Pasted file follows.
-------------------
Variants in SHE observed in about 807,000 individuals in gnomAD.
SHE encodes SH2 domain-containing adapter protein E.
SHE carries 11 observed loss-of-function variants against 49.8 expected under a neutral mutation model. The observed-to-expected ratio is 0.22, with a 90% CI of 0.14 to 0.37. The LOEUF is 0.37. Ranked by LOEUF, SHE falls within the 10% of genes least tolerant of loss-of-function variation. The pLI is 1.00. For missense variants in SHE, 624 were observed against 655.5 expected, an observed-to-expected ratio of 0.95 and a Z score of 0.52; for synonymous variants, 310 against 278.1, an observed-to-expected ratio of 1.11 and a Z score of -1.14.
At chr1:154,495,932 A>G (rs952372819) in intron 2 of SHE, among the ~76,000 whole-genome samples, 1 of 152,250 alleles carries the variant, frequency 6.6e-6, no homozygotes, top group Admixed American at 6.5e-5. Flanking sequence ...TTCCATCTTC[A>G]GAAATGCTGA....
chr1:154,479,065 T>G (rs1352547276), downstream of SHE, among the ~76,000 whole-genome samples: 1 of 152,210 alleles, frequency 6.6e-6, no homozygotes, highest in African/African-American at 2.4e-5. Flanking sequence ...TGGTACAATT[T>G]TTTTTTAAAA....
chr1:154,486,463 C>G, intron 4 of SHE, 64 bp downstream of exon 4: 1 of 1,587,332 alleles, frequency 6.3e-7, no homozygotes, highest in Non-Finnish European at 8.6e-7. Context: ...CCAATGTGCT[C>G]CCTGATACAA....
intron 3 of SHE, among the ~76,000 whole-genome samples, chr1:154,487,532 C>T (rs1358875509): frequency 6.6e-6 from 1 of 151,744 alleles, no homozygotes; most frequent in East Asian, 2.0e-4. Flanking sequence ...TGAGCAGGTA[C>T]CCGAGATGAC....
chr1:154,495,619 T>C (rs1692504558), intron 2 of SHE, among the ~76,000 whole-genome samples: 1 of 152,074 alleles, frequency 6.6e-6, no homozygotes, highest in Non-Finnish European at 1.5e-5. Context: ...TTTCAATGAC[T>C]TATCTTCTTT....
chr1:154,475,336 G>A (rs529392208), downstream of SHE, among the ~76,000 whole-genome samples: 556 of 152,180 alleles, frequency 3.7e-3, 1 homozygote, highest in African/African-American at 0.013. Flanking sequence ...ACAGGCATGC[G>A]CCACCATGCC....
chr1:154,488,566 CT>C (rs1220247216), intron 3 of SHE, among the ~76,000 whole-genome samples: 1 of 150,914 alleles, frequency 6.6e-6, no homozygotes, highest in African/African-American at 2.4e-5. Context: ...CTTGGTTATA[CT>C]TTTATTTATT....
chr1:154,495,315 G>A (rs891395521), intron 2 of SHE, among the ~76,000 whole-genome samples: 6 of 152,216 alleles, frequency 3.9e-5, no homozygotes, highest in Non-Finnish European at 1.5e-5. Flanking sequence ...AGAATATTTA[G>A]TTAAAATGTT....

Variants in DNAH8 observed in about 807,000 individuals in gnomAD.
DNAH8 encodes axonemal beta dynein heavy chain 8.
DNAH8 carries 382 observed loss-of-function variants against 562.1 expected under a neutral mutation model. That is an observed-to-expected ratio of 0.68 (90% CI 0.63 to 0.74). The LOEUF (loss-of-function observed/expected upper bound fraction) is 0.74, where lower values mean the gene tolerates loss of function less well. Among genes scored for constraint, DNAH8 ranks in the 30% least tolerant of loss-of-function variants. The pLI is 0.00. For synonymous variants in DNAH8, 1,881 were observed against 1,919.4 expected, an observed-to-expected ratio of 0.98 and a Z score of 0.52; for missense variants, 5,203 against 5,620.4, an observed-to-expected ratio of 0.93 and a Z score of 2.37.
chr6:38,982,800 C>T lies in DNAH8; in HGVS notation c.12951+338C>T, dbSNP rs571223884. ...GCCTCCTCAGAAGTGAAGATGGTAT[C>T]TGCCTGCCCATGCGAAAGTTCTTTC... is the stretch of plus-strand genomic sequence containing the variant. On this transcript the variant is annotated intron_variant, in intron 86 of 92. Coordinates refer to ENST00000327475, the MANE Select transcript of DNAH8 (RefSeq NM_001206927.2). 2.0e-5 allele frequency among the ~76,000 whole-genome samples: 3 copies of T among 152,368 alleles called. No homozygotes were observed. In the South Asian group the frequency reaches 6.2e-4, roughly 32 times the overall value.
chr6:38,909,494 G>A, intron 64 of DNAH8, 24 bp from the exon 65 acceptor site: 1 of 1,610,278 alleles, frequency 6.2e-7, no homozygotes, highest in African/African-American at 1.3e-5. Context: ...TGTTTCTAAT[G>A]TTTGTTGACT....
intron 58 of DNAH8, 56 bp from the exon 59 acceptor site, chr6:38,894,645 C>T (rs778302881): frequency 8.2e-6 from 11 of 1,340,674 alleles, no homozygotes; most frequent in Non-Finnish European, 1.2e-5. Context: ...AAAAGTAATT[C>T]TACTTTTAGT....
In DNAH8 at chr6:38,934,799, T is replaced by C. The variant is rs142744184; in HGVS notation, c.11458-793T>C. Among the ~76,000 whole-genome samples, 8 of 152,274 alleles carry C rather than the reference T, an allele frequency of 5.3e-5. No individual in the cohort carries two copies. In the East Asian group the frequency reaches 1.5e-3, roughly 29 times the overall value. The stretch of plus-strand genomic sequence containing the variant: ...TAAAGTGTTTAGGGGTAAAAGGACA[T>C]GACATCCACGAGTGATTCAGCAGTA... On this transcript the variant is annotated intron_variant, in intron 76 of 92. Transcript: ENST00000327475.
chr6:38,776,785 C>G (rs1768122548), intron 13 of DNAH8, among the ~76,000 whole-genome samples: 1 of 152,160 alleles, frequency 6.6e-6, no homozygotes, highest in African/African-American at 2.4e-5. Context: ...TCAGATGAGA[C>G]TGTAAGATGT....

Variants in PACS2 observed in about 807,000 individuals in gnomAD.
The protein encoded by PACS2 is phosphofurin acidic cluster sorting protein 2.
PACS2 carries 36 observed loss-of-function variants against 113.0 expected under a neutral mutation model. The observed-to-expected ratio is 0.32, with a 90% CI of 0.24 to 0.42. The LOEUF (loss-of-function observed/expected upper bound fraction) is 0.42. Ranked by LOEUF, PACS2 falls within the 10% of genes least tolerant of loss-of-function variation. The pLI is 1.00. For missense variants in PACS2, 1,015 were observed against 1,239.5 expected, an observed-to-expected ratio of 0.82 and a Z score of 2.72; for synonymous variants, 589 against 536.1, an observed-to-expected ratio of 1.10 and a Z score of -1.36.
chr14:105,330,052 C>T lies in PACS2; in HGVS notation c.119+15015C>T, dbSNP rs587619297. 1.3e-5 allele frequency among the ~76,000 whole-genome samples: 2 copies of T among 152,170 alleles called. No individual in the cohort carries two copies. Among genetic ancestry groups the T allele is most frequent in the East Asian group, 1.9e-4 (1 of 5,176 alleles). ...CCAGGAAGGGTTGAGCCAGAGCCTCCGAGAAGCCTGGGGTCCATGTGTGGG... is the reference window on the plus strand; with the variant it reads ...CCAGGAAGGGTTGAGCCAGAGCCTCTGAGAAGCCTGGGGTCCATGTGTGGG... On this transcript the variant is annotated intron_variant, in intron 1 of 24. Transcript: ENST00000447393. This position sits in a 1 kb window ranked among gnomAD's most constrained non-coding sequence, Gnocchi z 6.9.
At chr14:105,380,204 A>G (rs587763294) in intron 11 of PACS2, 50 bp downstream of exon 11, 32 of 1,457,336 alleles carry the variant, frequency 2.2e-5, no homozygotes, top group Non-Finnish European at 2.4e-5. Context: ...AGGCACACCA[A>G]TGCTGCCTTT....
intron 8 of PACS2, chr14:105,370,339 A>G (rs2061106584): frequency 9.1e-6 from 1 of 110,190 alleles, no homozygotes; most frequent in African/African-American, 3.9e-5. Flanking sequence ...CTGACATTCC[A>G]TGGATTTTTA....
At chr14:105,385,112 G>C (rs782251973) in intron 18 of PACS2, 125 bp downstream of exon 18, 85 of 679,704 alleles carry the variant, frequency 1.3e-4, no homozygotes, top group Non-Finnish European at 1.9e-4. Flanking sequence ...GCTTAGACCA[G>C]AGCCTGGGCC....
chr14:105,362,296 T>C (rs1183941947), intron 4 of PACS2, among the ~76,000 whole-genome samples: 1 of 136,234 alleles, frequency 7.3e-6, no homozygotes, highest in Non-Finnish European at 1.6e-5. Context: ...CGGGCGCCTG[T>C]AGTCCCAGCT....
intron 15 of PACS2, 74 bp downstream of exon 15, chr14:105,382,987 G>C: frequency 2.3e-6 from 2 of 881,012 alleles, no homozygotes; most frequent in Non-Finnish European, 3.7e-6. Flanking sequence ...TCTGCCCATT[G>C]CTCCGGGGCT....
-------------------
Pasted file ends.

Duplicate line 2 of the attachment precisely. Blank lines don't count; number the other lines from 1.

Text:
SHE encodes SH2 domain-containing adapter protein E.